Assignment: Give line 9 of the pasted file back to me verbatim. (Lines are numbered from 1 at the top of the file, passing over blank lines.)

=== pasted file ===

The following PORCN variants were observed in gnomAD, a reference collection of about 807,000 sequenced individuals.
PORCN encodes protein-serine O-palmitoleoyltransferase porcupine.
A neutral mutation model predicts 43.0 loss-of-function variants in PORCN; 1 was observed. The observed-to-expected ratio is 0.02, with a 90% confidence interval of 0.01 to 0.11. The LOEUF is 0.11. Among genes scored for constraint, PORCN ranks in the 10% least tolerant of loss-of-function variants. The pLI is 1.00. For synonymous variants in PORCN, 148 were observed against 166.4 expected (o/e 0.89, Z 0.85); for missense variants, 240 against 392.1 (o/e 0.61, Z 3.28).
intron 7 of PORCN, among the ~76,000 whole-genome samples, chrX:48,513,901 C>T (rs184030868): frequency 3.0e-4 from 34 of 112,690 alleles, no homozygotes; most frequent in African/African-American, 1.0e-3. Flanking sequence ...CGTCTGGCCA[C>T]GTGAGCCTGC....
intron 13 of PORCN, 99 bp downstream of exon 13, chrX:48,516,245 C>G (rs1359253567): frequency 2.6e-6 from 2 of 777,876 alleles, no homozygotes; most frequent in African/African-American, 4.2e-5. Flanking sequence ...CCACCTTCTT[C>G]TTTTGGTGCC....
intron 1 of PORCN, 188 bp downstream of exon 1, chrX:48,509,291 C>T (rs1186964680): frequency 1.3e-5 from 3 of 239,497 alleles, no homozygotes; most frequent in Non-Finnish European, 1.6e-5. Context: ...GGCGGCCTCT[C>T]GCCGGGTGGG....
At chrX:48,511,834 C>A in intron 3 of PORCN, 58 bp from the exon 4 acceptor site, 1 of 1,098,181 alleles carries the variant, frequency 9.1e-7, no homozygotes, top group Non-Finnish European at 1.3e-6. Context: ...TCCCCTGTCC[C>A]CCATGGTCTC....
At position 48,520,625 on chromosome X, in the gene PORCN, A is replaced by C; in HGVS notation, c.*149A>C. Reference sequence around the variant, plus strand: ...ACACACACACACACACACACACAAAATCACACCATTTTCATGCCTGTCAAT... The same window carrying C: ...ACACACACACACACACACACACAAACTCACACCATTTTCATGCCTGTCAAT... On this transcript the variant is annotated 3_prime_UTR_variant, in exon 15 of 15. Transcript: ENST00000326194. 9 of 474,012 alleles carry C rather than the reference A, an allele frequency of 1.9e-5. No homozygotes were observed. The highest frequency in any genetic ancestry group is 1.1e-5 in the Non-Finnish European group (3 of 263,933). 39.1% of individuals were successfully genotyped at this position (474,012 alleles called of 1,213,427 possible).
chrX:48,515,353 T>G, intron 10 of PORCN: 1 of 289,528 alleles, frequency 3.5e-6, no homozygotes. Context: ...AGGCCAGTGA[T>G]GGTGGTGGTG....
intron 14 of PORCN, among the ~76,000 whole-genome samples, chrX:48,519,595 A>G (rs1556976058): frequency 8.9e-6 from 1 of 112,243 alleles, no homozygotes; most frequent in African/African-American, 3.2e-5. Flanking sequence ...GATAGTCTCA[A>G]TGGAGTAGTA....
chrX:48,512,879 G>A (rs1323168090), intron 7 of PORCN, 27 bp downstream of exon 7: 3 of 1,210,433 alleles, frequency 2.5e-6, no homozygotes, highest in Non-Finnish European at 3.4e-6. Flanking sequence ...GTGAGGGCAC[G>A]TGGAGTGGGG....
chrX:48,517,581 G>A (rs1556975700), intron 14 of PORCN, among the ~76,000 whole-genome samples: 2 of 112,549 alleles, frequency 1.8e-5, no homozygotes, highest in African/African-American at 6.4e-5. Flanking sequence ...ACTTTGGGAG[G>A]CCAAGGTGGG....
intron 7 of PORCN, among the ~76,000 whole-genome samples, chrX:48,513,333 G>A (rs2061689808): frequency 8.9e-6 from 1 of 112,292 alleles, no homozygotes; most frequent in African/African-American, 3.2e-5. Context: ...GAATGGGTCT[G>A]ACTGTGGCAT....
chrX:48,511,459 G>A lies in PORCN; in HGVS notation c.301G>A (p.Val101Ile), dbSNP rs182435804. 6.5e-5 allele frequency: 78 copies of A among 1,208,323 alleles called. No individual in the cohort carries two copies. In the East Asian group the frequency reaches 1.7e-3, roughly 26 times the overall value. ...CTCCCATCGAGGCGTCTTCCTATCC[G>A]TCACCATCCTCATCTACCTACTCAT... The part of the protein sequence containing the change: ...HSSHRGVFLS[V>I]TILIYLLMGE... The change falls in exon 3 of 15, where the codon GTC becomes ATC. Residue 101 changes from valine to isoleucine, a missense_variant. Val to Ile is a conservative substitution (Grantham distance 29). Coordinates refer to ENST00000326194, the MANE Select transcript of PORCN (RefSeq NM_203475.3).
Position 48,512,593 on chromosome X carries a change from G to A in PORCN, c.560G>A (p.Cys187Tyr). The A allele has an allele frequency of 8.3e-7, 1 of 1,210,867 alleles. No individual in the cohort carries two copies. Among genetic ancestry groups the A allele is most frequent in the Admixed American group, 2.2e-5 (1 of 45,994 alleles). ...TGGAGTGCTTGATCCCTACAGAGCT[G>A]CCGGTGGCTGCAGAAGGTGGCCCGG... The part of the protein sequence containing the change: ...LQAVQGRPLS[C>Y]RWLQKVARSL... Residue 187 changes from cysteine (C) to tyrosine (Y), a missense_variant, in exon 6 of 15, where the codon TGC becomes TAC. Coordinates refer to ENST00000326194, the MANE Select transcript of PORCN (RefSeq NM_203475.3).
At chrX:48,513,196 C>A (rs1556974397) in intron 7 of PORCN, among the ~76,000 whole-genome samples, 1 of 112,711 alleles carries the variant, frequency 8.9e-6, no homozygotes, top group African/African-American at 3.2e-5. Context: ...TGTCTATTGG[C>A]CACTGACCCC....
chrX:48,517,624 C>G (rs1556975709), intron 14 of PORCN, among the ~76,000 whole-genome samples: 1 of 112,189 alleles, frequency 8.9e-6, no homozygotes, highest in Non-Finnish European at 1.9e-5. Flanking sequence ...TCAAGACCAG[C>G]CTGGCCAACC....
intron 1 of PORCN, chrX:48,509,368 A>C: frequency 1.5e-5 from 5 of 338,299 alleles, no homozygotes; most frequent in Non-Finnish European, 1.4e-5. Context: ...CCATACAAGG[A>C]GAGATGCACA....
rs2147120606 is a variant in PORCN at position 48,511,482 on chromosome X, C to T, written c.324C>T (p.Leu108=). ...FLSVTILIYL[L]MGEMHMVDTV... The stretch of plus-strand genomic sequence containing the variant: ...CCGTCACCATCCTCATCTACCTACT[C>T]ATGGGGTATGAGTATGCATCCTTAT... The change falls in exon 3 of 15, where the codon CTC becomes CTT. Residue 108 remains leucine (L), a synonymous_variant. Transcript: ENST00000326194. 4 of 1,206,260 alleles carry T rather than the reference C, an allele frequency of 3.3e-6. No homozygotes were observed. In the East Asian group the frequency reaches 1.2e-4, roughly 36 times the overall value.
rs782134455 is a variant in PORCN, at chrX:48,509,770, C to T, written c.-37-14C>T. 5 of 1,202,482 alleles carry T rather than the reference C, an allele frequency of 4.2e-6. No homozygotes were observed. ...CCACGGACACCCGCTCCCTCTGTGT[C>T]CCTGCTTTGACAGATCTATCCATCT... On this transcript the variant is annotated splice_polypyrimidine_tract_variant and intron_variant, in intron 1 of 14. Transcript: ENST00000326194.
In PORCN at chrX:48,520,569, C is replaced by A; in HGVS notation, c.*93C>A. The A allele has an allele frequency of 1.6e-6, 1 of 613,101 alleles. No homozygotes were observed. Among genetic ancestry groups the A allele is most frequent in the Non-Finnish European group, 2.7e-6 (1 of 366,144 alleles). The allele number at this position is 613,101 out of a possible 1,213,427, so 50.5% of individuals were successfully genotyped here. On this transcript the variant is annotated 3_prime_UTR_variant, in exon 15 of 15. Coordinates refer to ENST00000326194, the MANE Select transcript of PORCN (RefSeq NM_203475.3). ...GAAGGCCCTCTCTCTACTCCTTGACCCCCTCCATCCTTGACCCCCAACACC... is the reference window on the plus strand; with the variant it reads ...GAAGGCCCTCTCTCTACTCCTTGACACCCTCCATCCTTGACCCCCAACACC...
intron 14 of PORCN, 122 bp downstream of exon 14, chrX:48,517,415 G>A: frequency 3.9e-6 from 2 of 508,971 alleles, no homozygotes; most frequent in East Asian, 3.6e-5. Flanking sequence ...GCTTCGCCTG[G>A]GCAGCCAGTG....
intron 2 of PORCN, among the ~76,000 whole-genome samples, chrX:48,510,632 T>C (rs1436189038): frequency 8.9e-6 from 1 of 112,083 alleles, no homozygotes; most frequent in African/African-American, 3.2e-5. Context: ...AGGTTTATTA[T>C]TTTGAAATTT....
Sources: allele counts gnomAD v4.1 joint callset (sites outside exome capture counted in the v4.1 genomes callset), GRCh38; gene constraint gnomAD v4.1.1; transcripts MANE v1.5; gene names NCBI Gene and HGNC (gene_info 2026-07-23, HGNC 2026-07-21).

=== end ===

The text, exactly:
chrX:48,515,353 T>G, intron 10 of PORCN: 1 of 289,528 alleles, frequency 3.5e-6, no homozygotes. Context: ...AGGCCAGTGA[T>G]GGTGGTGGTG....